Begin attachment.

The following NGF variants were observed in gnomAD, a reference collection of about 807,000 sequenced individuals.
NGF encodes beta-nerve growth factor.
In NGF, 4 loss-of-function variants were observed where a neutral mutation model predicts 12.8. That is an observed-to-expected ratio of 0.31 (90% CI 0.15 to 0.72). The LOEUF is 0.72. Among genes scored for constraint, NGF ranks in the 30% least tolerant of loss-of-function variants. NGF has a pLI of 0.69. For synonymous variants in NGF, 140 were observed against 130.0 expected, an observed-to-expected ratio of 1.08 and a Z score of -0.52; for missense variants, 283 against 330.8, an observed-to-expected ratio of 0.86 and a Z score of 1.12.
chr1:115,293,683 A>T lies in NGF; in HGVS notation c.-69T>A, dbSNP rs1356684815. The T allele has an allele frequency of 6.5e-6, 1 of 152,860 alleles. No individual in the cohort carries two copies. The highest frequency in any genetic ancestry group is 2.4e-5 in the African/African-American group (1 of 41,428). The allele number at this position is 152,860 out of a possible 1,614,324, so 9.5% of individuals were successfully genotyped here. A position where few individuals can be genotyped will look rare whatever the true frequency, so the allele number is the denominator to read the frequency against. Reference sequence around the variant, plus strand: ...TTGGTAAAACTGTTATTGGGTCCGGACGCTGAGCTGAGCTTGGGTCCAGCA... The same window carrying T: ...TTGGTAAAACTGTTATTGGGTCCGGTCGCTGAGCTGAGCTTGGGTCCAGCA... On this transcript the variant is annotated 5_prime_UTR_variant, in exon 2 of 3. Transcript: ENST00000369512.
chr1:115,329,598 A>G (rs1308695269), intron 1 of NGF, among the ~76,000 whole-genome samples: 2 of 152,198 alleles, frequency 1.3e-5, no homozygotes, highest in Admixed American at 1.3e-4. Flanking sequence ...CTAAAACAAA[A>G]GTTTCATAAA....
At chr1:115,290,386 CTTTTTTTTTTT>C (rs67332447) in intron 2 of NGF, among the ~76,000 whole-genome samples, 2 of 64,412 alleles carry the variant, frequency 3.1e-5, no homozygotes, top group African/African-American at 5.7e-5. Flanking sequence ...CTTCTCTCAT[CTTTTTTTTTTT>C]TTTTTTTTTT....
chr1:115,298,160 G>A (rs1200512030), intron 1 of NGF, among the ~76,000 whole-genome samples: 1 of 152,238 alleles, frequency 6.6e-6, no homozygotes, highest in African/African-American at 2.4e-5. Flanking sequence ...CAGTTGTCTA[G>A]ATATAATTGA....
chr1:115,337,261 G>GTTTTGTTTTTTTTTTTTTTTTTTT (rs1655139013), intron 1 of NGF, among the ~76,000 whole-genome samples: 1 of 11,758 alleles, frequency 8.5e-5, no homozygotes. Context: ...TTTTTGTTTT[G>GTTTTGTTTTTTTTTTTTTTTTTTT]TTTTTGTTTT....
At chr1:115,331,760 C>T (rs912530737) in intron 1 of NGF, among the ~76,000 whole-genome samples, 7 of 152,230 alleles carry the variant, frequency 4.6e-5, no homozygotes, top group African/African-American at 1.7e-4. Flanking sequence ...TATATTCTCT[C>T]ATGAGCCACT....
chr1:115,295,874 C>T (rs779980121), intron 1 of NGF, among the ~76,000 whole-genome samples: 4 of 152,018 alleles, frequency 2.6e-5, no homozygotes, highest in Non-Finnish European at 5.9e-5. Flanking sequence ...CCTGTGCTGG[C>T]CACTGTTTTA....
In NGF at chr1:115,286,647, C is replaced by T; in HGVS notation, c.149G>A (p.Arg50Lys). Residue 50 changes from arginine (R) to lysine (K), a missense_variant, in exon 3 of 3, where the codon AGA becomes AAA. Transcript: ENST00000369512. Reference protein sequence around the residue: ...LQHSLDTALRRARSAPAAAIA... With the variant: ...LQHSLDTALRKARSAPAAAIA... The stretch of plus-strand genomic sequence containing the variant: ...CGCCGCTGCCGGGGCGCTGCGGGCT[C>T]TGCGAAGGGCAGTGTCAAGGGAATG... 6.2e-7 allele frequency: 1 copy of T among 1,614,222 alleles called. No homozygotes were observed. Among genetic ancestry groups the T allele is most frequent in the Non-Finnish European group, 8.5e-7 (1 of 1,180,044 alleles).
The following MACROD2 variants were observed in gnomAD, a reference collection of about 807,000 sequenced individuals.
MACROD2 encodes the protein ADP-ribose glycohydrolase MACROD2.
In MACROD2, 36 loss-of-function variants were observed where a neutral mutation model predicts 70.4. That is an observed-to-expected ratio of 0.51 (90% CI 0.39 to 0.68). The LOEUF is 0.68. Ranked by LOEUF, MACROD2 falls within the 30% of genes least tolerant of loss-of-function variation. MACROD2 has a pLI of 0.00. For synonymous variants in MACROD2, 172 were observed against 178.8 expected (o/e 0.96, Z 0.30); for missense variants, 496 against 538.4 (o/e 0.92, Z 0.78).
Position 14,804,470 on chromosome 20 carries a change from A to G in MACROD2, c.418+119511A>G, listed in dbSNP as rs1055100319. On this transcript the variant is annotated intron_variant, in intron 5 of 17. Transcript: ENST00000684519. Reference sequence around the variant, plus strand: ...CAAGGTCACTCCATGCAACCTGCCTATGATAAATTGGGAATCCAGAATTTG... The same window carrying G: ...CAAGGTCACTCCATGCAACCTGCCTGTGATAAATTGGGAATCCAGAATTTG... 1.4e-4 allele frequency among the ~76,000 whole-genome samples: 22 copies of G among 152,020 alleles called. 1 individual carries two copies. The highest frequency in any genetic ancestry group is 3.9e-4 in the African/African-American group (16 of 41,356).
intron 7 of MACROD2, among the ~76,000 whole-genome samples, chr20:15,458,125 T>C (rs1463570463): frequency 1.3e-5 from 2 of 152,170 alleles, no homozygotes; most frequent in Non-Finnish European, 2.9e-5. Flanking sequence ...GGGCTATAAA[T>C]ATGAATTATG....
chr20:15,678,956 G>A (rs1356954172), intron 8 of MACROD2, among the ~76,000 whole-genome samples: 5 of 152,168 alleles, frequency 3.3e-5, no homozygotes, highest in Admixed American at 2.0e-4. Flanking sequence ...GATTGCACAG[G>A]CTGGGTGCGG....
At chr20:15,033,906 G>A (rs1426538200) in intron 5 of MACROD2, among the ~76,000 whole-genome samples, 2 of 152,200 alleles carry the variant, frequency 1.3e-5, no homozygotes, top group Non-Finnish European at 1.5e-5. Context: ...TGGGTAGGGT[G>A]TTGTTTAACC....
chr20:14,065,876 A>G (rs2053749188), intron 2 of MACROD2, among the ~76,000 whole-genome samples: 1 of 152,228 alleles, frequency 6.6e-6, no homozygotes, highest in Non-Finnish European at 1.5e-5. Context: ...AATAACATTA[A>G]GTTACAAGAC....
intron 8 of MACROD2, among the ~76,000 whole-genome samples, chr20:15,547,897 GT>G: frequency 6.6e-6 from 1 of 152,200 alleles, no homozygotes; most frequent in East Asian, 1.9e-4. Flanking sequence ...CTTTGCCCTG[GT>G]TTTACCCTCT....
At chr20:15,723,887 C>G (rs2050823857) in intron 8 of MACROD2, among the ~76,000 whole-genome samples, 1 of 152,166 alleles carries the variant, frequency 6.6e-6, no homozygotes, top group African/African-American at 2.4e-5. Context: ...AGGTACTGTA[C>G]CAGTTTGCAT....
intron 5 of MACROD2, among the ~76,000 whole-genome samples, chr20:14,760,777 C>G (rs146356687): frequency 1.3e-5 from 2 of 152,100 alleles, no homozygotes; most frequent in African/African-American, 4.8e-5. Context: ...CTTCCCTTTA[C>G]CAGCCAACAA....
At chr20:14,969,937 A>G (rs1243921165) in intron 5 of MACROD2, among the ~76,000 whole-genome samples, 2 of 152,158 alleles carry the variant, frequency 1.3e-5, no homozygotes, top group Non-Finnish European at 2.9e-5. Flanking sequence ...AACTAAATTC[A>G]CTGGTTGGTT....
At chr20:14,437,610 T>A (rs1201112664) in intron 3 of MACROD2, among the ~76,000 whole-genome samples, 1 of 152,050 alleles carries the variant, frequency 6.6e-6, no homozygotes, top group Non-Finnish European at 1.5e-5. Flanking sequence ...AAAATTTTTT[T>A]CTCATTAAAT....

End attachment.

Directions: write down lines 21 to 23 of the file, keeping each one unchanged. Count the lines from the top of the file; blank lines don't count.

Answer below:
At chr20:15,723,887 C>G (rs2050823857) in intron 8 of MACROD2, among the ~76,000 whole-genome samples, 1 of 152,166 alleles carries the variant, frequency 6.6e-6, no homozygotes, top group African/African-American at 2.4e-5. Context: ...AGGTACTGTA[C>G]CAGTTTGCAT....
intron 5 of MACROD2, among the ~76,000 whole-genome samples, chr20:14,760,777 C>G (rs146356687): frequency 1.3e-5 from 2 of 152,100 alleles, no homozygotes; most frequent in African/African-American, 4.8e-5. Context: ...CTTCCCTTTA[C>G]CAGCCAACAA....
At chr20:14,969,937 A>G (rs1243921165) in intron 5 of MACROD2, among the ~76,000 whole-genome samples, 2 of 152,158 alleles carry the variant, frequency 1.3e-5, no homozygotes, top group Non-Finnish European at 2.9e-5. Flanking sequence ...AACTAAATTC[A>G]CTGGTTGGTT....